As for the new machine, I’ll just use image backup once in a while on a USB 3.0 drive. Probably fast enough.

This is why I have always used separate drives for files and for the OS. I can do whatever I want to the OS drive, format it, replace it with Linux, whatever, and my files remain accessible and untouched on the second drive. It also made the transition to SSD much easier, since my OS drive was never very large to begin with.

I only have laptops so no way to benefit from having two physical drives and upgrading to SSD+HDD. I have an SSHD with 8GB NAND flash and 1TB spinning hard disk. Hope it becomes fast after a week of usage.

How big SSD did you get and how do you like it? I'm now with an older laptop. I'm thinking about getting an SSD for it but need some advice.

liudr:
I only have laptops so no way to benefit from having two physical drives and upgrading to SSD+HDD. I have an SSHD with 8GB NAND flash and 1TB spinning hard disk. Hope it becomes fast after a week of usage.

How big SSD did you get and how do you like it? I'm now with an older laptop. I'm thinking about getting an SSD for it but need some advice.

SSD prices just fell through the floor, so now is the time to buy:

I have a 120gb SSD and a 60gb SSD in my gaming desktop, along with a 7500 rpm 500GB drive. I have a 60GB SSD and a 750gb HDD in my laptop. I'm thinking about swapping the 120gb in my gaming desktop for that 250GB that I linked you do, and putting the 120gb in my laptop.

What model laptop do you have? Most of them have a space mSATA slot that you can stick an SSD in. Mine has two mSATA slots, along with a standard 2.5" SATA bay.

I recently had to switch back to using the 750GB HDD as my boot drive on my laptop. The amount of suffering that the switch caused is not something that I can describe over the internet. Putting an SSD in your computer is the single largest performance boost that you will see.

I wouldn't go with anything lower than a 120GB SSD. You can get away with a 60GB sometimes, but Windows likes to make random 10GB files that drain your available space rapidly.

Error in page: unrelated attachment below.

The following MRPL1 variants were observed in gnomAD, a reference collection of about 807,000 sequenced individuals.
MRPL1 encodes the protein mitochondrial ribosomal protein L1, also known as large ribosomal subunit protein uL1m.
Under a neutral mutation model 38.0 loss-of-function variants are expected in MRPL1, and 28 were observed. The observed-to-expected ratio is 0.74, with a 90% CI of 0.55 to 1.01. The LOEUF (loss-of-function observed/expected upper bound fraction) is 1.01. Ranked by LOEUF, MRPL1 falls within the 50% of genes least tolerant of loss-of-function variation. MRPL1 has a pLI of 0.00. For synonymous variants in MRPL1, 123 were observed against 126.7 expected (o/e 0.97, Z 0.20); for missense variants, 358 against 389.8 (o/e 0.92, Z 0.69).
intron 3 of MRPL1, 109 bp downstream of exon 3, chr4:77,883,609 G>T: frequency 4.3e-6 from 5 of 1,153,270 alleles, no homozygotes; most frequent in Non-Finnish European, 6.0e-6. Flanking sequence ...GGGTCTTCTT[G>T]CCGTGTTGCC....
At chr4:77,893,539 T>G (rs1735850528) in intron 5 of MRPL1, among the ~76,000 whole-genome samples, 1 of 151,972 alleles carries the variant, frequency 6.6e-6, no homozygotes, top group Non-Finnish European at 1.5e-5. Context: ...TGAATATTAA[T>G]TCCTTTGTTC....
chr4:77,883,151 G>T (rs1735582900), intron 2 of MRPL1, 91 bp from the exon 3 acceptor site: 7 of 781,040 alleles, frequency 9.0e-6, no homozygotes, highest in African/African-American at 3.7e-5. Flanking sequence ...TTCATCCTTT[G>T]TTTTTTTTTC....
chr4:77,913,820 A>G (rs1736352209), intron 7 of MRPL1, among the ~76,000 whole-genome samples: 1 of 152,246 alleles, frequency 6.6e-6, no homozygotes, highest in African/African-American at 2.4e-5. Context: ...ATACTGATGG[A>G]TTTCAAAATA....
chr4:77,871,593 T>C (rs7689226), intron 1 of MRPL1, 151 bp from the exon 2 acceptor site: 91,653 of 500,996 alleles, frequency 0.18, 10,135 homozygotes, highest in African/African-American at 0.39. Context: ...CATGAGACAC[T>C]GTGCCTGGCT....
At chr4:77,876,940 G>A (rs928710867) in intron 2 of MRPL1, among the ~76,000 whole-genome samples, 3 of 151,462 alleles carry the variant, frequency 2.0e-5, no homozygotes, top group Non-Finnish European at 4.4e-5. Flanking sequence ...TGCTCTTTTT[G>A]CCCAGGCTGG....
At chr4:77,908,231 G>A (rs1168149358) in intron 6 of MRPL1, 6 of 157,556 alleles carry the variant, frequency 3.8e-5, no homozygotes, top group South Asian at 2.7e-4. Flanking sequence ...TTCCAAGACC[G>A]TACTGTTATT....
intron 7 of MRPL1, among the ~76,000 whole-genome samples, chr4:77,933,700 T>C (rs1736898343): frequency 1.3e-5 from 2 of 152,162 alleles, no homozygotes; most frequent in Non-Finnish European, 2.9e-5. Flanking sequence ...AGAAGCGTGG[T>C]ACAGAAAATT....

There is also a company now that is making a real hybrid SSHDD. It is a 120gb SSD and a 1TB HDD in a 2.5" formfactor. You install the OS to the 120GB SSD, then install a driver that makes the HDD available.

Thanks. I'm also thinking 120GB min. I will have a slimmed down OS or even dual win/Linux. My win 8 laptop with SSHD boots up in just a few seconds, fast enough. What the SSHD people argue about 8GB is that most boot files and apps won't take up 8GB. I hope their "research" is right. My new laptop has no mSATA slot. It's a dell inspiron 14r. My older laptop is a core-2-due so it's 5 years old. Definitely no mSATA. I'll see what SATA it takes.

Do you know if the SATA drives are backward compatible?

liudr:
Thanks. I'm also thinking 120GB min. I will have a slimmed down OS or even dual win/Linux. My win 8 laptop with SSHD boots up in just a few seconds, fast enough. What the SSHD people argue about 8GB is that most boot files and apps won't take up 8GB. I hope their "research" is right. My new laptop has no mSATA slot. It's a dell inspiron 14r. My older laptop is a core-2-due so it's 5 years old. Definitely no mSATA. I'll see what SATA it takes.

Do you know if the SATA drives are backward compatible?